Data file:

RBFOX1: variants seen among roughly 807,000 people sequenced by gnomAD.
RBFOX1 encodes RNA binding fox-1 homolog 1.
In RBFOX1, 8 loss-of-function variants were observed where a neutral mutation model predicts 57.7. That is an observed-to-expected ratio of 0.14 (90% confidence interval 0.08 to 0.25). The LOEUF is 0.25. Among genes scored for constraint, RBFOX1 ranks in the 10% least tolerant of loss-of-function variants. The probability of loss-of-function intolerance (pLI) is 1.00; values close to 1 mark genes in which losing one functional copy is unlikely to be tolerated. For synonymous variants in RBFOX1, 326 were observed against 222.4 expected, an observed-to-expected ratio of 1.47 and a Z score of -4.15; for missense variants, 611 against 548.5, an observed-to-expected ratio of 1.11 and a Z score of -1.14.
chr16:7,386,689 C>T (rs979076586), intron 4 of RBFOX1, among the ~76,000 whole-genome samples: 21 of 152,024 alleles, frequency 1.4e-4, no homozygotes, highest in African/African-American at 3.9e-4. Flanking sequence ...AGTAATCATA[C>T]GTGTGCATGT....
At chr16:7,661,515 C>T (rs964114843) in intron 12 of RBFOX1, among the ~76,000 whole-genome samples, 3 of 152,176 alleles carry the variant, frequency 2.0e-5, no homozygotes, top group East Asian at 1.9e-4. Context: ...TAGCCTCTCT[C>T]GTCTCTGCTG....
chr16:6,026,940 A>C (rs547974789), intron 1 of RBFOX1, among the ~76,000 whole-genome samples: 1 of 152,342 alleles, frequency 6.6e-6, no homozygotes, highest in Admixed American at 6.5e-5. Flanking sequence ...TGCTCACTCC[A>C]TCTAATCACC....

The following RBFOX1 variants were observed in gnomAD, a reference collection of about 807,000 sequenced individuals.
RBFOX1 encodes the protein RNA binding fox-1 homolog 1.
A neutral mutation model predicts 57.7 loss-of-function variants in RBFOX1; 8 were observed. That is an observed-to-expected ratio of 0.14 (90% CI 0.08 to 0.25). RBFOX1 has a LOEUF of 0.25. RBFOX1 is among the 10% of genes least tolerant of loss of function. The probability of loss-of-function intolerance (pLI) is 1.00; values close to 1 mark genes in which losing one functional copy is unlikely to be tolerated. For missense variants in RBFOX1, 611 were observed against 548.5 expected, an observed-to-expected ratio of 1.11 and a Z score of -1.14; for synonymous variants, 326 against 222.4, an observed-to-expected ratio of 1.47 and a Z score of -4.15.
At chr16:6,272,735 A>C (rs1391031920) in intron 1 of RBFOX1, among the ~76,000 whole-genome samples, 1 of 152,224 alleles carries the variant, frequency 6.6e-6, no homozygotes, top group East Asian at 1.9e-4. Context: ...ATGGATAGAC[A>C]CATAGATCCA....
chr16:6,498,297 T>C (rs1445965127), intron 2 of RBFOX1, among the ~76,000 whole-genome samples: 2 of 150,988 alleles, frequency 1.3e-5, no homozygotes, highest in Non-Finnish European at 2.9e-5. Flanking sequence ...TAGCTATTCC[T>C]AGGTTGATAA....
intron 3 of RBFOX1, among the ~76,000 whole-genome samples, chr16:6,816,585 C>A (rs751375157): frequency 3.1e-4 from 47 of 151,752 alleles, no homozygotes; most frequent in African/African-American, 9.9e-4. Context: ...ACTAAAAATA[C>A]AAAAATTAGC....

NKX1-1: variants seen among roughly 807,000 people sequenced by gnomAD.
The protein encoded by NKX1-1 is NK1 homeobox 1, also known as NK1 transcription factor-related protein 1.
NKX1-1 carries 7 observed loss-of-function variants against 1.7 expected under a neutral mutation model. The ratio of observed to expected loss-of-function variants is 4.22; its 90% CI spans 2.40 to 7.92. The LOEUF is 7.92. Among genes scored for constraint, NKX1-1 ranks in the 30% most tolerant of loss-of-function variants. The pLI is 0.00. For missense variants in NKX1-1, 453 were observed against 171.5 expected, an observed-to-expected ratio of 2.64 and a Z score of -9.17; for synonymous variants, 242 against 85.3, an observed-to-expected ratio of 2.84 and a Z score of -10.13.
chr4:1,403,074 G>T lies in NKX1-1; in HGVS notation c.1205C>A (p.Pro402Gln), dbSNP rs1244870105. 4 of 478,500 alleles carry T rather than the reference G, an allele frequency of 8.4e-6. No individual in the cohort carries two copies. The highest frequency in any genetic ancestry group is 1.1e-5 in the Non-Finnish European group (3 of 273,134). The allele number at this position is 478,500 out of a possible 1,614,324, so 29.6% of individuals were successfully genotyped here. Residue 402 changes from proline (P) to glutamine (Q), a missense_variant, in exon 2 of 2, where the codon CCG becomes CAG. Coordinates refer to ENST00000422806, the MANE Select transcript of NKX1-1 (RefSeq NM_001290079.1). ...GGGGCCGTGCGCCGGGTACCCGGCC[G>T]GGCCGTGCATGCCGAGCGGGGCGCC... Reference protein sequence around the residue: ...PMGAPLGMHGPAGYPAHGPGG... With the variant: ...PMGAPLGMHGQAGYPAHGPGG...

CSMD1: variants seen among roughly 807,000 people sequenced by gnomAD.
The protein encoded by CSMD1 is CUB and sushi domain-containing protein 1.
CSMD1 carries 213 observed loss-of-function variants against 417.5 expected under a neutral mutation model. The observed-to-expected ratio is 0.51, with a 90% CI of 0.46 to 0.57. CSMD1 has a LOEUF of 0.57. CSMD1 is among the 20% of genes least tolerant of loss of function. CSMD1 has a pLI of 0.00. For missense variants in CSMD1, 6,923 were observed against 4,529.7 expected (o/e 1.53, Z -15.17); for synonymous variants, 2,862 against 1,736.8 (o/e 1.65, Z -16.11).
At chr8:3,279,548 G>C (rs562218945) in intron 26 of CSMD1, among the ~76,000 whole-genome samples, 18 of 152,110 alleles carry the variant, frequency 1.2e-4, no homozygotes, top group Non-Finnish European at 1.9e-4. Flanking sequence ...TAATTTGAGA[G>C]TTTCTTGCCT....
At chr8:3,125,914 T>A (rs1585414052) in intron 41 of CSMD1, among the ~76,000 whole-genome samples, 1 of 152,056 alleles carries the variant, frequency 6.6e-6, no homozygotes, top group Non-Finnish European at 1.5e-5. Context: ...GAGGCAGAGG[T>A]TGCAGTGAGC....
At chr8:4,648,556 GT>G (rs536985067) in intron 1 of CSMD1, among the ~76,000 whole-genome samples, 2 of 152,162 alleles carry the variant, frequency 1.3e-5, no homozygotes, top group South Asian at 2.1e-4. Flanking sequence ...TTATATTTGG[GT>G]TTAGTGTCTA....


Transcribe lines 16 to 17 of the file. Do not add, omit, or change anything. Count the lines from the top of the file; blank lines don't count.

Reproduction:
chr4:1,403,074 G>T lies in NKX1-1; in HGVS notation c.1205C>A (p.Pro402Gln), dbSNP rs1244870105. 4 of 478,500 alleles carry T rather than the reference G, an allele frequency of 8.4e-6. No individual in the cohort carries two copies. The highest frequency in any genetic ancestry group is 1.1e-5 in the Non-Finnish European group (3 of 273,134). The allele number at this position is 478,500 out of a possible 1,614,324, so 29.6% of individuals were successfully genotyped here. Residue 402 changes from proline (P) to glutamine (Q), a missense_variant, in exon 2 of 2, where the codon CCG becomes CAG. Coordinates refer to ENST00000422806, the MANE Select transcript of NKX1-1 (RefSeq NM_001290079.1). ...GGGGCCGTGCGCCGGGTACCCGGCC[G>T]GGCCGTGCATGCCGAGCGGGGCGCC... Reference protein sequence around the residue: ...PMGAPLGMHGPAGYPAHGPGG... With the variant: ...PMGAPLGMHGQAGYPAHGPGG...

CSMD1: variants seen among roughly 807,000 people sequenced by gnomAD.